The most important takeaway is that you have to understand we’re three-dimensional creatures, as human beings and individuals, and producers were pinning me in a very one-dimensional box. That’s where my frustrations lie because you’re only seeing one side of me. I do have a heart, I do laugh, I do cry, I am vulnerable. There’s so many different facets to people’s personalities, and you weren’t seeing that. That was on the editing floor. That was in the trash can.
How do you approach writing about your relationships with co-workers (there were a few mentions of Chrishell, for instance) and sugar daddies? Were you ever nervous of what they would think reading it?
No. God, no! The process for me was just telling my story. There’s a call to action in each chapter, and there’s a reason I’m telling each story; I’m not just filling space. It was all very intentional. Writing about my relationships set a foundation for writing about my freedom, which for me came through financial independence and job security. I realized that’s what I valued most, so writing about the relationships that brought me there was necessary to telling the story as a whole.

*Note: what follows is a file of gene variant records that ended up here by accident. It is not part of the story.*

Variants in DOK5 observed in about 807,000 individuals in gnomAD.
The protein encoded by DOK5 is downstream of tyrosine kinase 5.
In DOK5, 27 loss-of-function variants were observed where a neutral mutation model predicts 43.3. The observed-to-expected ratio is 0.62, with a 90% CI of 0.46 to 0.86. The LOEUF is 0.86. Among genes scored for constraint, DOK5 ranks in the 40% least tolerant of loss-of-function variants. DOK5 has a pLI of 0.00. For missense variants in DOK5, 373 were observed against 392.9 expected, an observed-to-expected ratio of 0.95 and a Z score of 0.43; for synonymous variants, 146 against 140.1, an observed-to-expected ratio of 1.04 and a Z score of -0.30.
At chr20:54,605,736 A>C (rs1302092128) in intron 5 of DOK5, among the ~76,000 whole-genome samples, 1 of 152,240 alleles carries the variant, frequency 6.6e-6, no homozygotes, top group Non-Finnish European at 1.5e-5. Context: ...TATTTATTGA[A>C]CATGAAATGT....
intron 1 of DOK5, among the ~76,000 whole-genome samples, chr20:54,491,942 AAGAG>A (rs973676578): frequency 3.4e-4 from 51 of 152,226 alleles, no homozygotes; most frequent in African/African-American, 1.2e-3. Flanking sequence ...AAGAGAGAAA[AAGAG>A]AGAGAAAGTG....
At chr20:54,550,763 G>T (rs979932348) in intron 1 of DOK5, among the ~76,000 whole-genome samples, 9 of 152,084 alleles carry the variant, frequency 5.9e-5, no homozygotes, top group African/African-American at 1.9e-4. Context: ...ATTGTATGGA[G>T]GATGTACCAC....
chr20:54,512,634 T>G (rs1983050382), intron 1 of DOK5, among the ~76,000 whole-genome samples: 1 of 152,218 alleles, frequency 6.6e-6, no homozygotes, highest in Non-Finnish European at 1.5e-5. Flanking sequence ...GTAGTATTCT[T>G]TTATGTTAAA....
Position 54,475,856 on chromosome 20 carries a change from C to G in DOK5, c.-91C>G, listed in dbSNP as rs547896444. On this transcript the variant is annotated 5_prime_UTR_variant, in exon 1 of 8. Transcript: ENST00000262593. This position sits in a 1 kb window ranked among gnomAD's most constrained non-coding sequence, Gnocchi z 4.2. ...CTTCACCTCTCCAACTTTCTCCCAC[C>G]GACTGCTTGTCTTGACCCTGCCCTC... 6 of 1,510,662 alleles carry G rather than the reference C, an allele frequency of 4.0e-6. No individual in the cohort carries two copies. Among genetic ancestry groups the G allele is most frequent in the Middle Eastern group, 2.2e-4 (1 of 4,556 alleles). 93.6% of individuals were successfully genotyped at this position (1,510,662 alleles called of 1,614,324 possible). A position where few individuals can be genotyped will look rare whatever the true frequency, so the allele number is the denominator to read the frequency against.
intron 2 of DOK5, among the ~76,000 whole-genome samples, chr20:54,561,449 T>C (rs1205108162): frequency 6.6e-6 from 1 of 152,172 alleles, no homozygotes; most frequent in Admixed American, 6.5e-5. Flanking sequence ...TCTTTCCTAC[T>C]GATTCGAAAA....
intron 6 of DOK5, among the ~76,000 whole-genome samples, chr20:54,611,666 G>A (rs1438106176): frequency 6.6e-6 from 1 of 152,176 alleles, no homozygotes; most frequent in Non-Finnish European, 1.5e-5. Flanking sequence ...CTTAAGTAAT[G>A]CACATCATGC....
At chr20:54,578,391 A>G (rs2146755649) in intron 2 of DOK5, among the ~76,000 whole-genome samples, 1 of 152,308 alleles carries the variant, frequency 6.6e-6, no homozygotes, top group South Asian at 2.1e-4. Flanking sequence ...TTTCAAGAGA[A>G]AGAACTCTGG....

I was interested in the character of Svetlana, the alter ego you put on at work. How is the real Christine different from Svetlana?
Svetlana: Yes, we love her. We love Svetlana. She is just the definition of an absolute boss. She never wavers. She never quivers. She never thinks twice. She is an assassin in the confidence realm, and she is what I channeled. She is who I became. I feel like I’m at the point where I’m comfortable in my own self, which is where I encourage everyone to be in the novel — to where you don’t have to fake it, to where you made it. That’s where I’m at. I’ve stepped into my power, and I don’t need her anymore, but I used her as a tool when I needed her. My dad and my mom were the ones who gave me the advice “Fake it till you make it.” In my own way, I just want everyone to get to the point where they don’t have to fake it anymore; they’ve made it. It really is a journey of manifestation all around.
How did you pick her name?
Something about it felt really powerful, I don’t know. I had a Siamese cat named Samantha when I grew up. It was a play off Samantha from Sex and the City. I said, Well, she’s gotta be international, right? She’s gotta be well traveled and worldly. So that’s how Svetlana came to be.
Will we get to see you next season on Selling Sunset?
Absolutely. I am not going anywhere when it comes to television, that is for sure. Will I be promoting another company? Absolutely not. Will I be promoting my own company? Absolutely. It’s up to the production companies’ discretion to get “creative” with story lines, which is what they do for a living. So I just have to do what’s best for my business and myself, but I’m not going anywhere. It’s in the hands of network gods right now.
This interview has been edited and condensed for clarity.